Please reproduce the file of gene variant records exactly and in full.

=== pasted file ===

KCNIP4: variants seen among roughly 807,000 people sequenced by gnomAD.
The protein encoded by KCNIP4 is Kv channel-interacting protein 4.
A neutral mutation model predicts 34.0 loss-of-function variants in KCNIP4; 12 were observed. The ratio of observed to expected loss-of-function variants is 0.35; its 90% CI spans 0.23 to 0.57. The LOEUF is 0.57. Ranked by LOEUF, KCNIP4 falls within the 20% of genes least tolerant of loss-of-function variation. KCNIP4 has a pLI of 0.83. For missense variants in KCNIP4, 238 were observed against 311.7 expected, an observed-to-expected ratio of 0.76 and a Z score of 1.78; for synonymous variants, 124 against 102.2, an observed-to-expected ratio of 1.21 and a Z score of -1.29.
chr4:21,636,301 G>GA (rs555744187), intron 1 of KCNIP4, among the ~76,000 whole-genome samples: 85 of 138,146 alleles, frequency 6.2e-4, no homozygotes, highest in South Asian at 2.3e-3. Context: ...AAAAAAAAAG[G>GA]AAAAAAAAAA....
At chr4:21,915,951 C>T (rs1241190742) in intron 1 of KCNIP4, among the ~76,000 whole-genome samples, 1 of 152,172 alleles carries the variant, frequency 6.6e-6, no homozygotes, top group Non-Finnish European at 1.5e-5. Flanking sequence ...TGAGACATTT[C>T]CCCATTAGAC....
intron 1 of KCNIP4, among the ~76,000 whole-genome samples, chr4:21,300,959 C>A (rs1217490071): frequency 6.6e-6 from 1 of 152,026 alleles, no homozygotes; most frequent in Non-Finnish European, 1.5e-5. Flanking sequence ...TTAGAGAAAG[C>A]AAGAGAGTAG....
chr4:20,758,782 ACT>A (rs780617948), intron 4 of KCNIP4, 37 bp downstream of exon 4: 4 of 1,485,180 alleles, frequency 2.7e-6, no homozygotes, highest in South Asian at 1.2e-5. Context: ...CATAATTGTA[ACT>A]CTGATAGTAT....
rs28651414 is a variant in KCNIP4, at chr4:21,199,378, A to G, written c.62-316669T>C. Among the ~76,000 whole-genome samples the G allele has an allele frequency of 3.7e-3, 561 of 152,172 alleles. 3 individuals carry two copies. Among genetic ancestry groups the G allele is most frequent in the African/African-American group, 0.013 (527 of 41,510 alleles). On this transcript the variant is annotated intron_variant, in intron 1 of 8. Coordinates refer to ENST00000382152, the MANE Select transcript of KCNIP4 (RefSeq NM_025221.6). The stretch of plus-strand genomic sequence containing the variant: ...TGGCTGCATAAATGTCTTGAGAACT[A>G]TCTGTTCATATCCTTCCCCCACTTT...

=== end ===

KCNIP4: variants seen among roughly 807,000 people sequenced by gnomAD.
The protein encoded by KCNIP4 is Kv channel-interacting protein 4.
A neutral mutation model predicts 34.0 loss-of-function variants in KCNIP4; 12 were observed. The ratio of observed to expected loss-of-function variants is 0.35; its 90% CI spans 0.23 to 0.57. The LOEUF is 0.57. Ranked by LOEUF, KCNIP4 falls within the 20% of genes least tolerant of loss-of-function variation. KCNIP4 has a pLI of 0.83. For missense variants in KCNIP4, 238 were observed against 311.7 expected, an observed-to-expected ratio of 0.76 and a Z score of 1.78; for synonymous variants, 124 against 102.2, an observed-to-expected ratio of 1.21 and a Z score of -1.29.
chr4:21,636,301 G>GA (rs555744187), intron 1 of KCNIP4, among the ~76,000 whole-genome samples: 85 of 138,146 alleles, frequency 6.2e-4, no homozygotes, highest in South Asian at 2.3e-3. Context: ...AAAAAAAAAG[G>GA]AAAAAAAAAA....
At chr4:21,915,951 C>T (rs1241190742) in intron 1 of KCNIP4, among the ~76,000 whole-genome samples, 1 of 152,172 alleles carries the variant, frequency 6.6e-6, no homozygotes, top group Non-Finnish European at 1.5e-5. Flanking sequence ...TGAGACATTT[C>T]CCCATTAGAC....
intron 1 of KCNIP4, among the ~76,000 whole-genome samples, chr4:21,300,959 C>A (rs1217490071): frequency 6.6e-6 from 1 of 152,026 alleles, no homozygotes; most frequent in Non-Finnish European, 1.5e-5. Flanking sequence ...TTAGAGAAAG[C>A]AAGAGAGTAG....
chr4:20,758,782 ACT>A (rs780617948), intron 4 of KCNIP4, 37 bp downstream of exon 4: 4 of 1,485,180 alleles, frequency 2.7e-6, no homozygotes, highest in South Asian at 1.2e-5. Context: ...CATAATTGTA[ACT>A]CTGATAGTAT....
rs28651414 is a variant in KCNIP4, at chr4:21,199,378, A to G, written c.62-316669T>C. Among the ~76,000 whole-genome samples the G allele has an allele frequency of 3.7e-3, 561 of 152,172 alleles. 3 individuals carry two copies. Among genetic ancestry groups the G allele is most frequent in the African/African-American group, 0.013 (527 of 41,510 alleles). On this transcript the variant is annotated intron_variant, in intron 1 of 8. Coordinates refer to ENST00000382152, the MANE Select transcript of KCNIP4 (RefSeq NM_025221.6). The stretch of plus-strand genomic sequence containing the variant: ...TGGCTGCATAAATGTCTTGAGAACT[A>G]TCTGTTCATATCCTTCCCCCACTTT...